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Publication numberUS3619810 A
Publication typeGrant
Publication dateNov 9, 1971
Filing dateAug 19, 1968
Priority dateAug 19, 1968
Publication numberUS 3619810 A, US 3619810A, US-A-3619810, US3619810 A, US3619810A
InventorsMefferd Wayne S
Original AssigneeCoherent Radiation Lab Inc
Export CitationBiBTeX, EndNote, RefMan
External Links: USPTO, USPTO Assignment, Espacenet
Ion laser core
US 3619810 A
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Description  (OCR text may contain errors)

United States Patent [72] Inventor Wayne S. Mefferd Palo Alto, Calif.

[21] Appl. No. 753,684

[22] Filed Aug. 19, 1968 [45] Patented Nov. 9, 1971 [73] Assignee Coherent Radiation Laboratories, Inc.

Palo Alto, Calif.

[54] ION LASER CORE 1 Claim, 2 Drawing Figs.

[52] U.S. Cl 331/945 [51] Int. Cl H01s3/00 [50] Field of Search 331/945; 65/1 10; 29/447 [56} References Cited UNITED STATES PATENTS 3,437,950 4/1969 Okaya et al 331/945 3,447,098 5/1969 Eckberg 33 1194 .5

OTHER REFERENCES Construction of Long Life Argon Lasers," K. G. Hernqvist & J. R. Fendley, .lr. lEEE Journal of Quantum Electronics Vol. QE 3 No.2, Feb. l967 pg. 66- 72.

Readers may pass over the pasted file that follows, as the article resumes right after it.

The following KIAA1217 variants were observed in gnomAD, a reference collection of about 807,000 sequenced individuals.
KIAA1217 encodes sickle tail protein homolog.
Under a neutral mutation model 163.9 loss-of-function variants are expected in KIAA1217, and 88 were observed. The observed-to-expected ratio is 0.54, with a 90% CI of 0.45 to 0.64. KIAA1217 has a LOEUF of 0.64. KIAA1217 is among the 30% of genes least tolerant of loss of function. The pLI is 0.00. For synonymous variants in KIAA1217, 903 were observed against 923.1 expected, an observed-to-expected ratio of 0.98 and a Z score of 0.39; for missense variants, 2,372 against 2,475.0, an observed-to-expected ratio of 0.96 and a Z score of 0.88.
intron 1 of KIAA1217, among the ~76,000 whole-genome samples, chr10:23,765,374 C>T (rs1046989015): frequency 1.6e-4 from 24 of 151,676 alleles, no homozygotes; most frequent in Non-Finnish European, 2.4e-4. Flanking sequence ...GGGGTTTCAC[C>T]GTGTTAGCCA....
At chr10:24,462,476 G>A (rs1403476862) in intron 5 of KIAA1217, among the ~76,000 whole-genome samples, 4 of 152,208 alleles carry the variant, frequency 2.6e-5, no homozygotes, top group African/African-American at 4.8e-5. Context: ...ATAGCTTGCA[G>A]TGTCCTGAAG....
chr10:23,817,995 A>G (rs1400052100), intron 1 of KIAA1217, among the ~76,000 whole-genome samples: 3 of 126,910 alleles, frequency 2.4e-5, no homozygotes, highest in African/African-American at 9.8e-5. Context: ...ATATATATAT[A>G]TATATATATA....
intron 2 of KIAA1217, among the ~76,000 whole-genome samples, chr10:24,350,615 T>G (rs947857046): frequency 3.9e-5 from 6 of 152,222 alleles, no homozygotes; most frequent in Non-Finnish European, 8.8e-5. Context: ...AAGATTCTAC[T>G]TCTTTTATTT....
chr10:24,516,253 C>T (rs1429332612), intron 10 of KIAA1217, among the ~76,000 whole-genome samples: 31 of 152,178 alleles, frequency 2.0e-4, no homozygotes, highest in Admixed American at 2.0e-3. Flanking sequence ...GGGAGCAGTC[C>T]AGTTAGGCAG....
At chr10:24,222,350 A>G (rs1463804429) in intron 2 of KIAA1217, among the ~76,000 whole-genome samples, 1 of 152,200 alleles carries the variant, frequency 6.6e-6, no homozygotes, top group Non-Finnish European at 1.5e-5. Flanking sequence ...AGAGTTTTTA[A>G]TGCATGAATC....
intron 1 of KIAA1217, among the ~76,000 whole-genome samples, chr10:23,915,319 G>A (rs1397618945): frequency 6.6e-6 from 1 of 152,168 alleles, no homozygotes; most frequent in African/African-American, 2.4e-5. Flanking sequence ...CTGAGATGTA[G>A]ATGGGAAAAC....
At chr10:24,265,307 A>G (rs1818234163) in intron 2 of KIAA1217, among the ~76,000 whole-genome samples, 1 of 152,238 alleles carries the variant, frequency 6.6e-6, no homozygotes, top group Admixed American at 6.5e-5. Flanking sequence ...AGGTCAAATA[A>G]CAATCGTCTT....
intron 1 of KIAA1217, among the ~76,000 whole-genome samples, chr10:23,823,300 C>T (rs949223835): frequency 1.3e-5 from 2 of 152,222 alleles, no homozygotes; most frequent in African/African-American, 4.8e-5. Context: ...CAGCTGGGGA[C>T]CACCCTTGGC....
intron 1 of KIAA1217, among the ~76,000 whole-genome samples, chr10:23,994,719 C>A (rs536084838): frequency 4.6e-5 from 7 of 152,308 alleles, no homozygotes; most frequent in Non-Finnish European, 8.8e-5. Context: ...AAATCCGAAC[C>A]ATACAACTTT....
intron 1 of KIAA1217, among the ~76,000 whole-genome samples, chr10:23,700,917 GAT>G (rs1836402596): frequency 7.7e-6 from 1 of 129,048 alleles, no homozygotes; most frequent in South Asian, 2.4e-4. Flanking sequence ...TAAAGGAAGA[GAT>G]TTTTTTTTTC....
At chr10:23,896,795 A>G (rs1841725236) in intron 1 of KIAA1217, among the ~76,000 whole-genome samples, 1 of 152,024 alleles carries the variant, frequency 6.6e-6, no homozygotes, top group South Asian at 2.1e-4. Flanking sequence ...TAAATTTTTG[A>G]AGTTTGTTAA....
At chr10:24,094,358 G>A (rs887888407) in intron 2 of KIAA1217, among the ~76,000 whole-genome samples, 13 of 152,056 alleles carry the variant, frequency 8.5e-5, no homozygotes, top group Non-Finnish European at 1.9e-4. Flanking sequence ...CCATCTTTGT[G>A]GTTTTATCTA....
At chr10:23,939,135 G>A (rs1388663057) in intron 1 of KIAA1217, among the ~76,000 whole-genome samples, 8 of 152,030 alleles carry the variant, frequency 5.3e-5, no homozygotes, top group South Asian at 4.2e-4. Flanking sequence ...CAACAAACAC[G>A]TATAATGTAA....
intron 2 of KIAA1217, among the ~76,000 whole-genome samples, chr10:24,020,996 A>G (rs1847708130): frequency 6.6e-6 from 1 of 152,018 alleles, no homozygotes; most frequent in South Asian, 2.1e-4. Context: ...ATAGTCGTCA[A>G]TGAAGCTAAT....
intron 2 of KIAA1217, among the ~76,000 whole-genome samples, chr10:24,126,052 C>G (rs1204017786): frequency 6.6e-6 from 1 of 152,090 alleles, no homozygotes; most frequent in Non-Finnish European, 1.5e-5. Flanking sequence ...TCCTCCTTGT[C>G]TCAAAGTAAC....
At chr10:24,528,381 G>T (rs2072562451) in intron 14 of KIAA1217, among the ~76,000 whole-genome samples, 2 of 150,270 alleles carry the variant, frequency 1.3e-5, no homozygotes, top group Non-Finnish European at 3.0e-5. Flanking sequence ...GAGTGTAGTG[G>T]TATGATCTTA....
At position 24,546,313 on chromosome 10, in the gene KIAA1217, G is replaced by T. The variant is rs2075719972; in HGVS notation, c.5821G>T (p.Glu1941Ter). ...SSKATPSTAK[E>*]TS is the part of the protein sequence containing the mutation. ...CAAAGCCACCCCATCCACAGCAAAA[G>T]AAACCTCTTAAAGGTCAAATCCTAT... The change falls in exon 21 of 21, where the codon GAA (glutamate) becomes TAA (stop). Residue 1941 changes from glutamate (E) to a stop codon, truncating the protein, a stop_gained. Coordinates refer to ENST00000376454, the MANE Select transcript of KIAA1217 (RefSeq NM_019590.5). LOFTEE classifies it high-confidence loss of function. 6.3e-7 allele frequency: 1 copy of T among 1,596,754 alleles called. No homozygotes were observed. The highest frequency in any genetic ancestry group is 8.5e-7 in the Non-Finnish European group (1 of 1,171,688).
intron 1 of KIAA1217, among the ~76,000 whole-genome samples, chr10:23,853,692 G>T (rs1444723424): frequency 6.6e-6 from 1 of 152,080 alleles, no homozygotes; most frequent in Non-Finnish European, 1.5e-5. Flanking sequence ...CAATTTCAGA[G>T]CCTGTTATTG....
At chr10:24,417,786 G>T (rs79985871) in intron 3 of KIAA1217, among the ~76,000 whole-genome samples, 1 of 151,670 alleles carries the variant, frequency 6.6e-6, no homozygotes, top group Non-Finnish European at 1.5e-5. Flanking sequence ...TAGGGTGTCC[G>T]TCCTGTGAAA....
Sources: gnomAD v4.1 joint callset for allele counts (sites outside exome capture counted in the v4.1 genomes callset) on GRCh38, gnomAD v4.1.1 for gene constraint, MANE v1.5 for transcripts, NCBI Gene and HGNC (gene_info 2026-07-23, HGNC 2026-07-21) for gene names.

Primary Examiner-Ronald L. Wibert Assistant Examiner-V. P. McGraw AttorneyLimbach, Limbach & Sutton ABSTRACT: An ion laser core and method of making the same where the core is formed of a plurality of spaced-apart graphite blocks containing aligned central bores on the optical axis of a laser tube. The graphite blocks are keyed to the tube so that the blocks do not rotate, and the tube is shrunk fit onto the the peripheries of the graphite blocks. Shrink fitting is accomplished by supporting the graphite blocks on a wire which is held under tension while a vacuum is drawn on the interior ofthe tube and the tube is heated to a temperature at which it flows.

'FATENTEDunv 91971 3,619,810

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INVIL'NTOR.

BY WAYNE s. MEFff/(D M a W A TTOKNE V5 ION LASER com:

BACKGROUND OF INVENTION The use of graphite core blocks for the core of ion lasers is disclosed in an article written by K. G. Hernqvist and .I. R. Fendley, Jr. in the IEEE Journal of Quantum Electronics," Feb. 1967. Various problems are encountered in physically supporting graphite blocks in the laser tube where it is desirable to have the blocks very accurately positioned on the opti- -cal axis of the tube and where it is desirable to employ a minimum number of parts inside the tube. I have found that the graphite core blocks may be mounted very precisely in the laser tube by a very inexpensive and efficient method by shrink fitting the laser tube itself directly onto the peripheries of the graphite blocks. This may be accomplished by supporting the graphite blocks in their intended physical configuration inside the laser tube and heating the laser tube to a temperature at which the material from which the tube is made flows while applying a greater pressure to the exterior of the tube than the interior until the material of the tube flows into engagement with the graphite blocks.